After making my disdain for drafting relievers early well-known in last week’s breakdown of Round 1-15 relievers from RotoGraphs Ridiculously Early Mock (all rounds linked here), it’s time to move on to the “best of the rest.” This is where I personally think relievers are ripe for selection — you’re late enough in the draft that you aren’t queasy about passing up top-10-round talent to snag a guy who is a few bad outings away from being “fantasy useless,” but you still have thirty big league teams to sort through in search of that mythical arbitrary construct known as “the save.”
Grant Balfour, Tom Wilhelmsen, and Glen Perkins are all guys that should head into 2013 with a fairly high degree of job security after pitching well down the stretch last year. The guy I like most in this tier is Perkins. He has a solid K% (26.9% since moving full-time to the bullpen two years ago) but really shows he is a man after my heart with his career 6.3% BB%. Relievers who can have stuff but also know where their pitches are going? Sign me up. The only reason I didn’t snag him here was because I was planning on waiting out another round or two, but Perkins has the upside to pass a lot of guys drafted ahead of him if he can get the opportunities up in Minnesota.
I finally jumped into the fray by taking Jason Grilli at 18.7. Grilli was one of the better relievers peripherally last season and will take over closing duties with Joel Hanrahan shipped up to Boston. Jack Moore had a nice writeup on him a few weeks ago; Grilli has legitimately morphed into a strikeout-slider artist and should still be a high-end relief option, even with his marginal platoon splits. I might have been able to grab him a round or two later than this, but like his upside enough to not gamble on him coming back to me.
Brandon League and Kenley Jansen went within three picks of each other late in the 18th round. Jansen, a highly touted draft sleeper in 2012, eventually took the job from Javy Guerra until heart issues sidelined him late in the season. League, who came over in a mid-season trade from Seattle, closed down the stretch and was rewarded with a long-term deal by the club. All signs point to League opening the season as closer (money talks) with Jansen (supposedly healthy after a heart ablation) sliding back into a setup role. There are few people who doubt Jansen is the better pitcher, but League has had a sub-4.00 xFIP the last five years running — good enough for him to stick in the ninth inning even if he is technically the inferior option. Here’s a situation where drafting skills might not have a whole lot of upside, although with both guys going this late, trying to take them in back-to-back rounds to hedge is a viable strategy.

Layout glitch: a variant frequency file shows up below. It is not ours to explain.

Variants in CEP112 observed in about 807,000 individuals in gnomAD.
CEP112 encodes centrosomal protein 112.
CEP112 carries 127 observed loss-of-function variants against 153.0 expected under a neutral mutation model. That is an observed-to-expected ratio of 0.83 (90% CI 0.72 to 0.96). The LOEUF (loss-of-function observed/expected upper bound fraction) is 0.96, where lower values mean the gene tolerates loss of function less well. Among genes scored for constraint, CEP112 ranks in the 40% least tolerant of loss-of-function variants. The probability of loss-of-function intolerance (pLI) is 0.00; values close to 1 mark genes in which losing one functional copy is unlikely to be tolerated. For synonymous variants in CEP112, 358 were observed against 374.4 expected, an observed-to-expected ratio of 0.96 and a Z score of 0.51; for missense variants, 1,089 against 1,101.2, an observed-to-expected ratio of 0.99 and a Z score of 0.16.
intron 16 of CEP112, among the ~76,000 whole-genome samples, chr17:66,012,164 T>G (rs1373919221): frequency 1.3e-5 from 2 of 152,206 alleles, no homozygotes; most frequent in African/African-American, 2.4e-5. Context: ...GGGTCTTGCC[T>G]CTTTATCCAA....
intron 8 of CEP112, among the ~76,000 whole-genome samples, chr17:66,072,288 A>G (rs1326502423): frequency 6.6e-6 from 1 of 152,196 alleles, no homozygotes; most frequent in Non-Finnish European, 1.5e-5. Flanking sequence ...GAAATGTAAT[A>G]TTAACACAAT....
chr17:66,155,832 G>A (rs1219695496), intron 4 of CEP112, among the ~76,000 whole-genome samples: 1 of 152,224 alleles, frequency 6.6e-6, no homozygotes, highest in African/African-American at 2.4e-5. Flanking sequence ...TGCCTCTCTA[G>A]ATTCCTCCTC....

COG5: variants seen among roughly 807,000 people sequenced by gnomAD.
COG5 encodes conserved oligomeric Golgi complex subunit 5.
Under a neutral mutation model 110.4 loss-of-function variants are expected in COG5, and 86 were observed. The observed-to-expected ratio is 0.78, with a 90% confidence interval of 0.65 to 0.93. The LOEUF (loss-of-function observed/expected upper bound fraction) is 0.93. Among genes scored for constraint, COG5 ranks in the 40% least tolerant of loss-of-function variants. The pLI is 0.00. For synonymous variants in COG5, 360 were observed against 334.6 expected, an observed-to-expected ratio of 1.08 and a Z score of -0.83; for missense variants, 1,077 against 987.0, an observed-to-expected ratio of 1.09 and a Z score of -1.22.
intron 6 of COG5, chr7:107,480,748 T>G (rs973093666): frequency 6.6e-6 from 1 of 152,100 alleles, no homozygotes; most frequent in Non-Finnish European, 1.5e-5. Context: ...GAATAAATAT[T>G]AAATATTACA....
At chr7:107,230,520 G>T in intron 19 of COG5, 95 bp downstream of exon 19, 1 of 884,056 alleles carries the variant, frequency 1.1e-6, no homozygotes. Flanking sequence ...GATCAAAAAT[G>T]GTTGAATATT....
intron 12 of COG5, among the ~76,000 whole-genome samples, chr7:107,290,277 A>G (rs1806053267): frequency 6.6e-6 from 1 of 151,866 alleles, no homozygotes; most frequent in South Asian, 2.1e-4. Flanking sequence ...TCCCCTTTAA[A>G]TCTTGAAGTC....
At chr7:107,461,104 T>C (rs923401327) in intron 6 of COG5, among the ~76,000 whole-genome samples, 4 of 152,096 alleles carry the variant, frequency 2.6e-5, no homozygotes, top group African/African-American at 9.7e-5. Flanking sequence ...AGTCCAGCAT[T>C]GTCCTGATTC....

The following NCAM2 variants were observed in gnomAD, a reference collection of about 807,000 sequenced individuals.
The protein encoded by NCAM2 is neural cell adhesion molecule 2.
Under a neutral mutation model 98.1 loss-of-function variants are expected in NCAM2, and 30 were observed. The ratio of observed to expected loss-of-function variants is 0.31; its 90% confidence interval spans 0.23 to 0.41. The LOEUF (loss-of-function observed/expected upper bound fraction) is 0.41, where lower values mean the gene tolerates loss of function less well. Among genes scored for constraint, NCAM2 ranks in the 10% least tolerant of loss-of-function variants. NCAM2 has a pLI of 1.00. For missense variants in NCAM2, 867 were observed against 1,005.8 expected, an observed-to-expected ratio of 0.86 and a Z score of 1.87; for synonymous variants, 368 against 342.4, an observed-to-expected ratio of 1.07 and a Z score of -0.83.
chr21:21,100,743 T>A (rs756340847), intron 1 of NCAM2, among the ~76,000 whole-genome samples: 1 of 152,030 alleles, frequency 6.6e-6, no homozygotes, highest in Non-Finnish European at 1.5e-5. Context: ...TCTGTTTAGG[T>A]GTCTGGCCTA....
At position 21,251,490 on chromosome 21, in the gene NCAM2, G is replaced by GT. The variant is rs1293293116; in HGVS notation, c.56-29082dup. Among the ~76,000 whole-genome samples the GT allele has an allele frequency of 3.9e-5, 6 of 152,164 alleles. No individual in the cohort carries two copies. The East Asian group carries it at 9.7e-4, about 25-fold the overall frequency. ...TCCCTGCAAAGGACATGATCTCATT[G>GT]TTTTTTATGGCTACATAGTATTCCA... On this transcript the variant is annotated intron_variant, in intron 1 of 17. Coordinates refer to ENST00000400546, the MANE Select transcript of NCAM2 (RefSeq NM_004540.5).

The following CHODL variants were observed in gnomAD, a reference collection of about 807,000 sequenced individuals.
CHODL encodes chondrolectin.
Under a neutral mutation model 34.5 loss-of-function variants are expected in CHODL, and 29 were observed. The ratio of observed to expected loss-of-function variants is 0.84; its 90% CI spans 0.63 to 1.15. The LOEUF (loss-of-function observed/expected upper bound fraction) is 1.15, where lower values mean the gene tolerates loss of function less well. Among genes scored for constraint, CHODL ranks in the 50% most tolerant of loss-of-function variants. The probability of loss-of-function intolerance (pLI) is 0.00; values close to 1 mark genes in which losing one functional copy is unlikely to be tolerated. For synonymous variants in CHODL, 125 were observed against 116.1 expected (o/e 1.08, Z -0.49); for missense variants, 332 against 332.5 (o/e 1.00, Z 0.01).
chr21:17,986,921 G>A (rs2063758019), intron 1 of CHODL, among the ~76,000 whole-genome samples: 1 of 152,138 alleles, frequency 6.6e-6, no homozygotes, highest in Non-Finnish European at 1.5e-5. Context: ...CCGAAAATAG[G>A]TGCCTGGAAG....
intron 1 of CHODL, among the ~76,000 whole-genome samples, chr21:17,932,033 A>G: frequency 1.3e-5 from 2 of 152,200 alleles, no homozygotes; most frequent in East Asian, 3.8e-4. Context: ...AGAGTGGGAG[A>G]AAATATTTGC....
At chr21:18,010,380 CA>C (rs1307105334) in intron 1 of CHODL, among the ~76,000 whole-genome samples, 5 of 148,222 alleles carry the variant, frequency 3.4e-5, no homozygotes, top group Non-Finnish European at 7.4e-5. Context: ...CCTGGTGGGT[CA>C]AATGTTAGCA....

I can’t say I’m a huge fan of taking Sergio Santos at 18.10, especially with Casey Janssen still on the board (who I snatched eight picks later). Santos is coming off a fairly involved labrum surgery,and Janssen was one of the more pleasant surprises last year, tallying 22 saves and posting a 2.99 xFIP, the latter a number that still bests Santos’ career mark. Steve Cishek is a guy who probably will have a bit of a leash now that Heath Bell is out of town, but has some pretty iffy platoon splits that could spell trouble if exploited. Plus, the Marlins are like a Little League team again, so save opportunities might be hard to come by. I’d wait on him.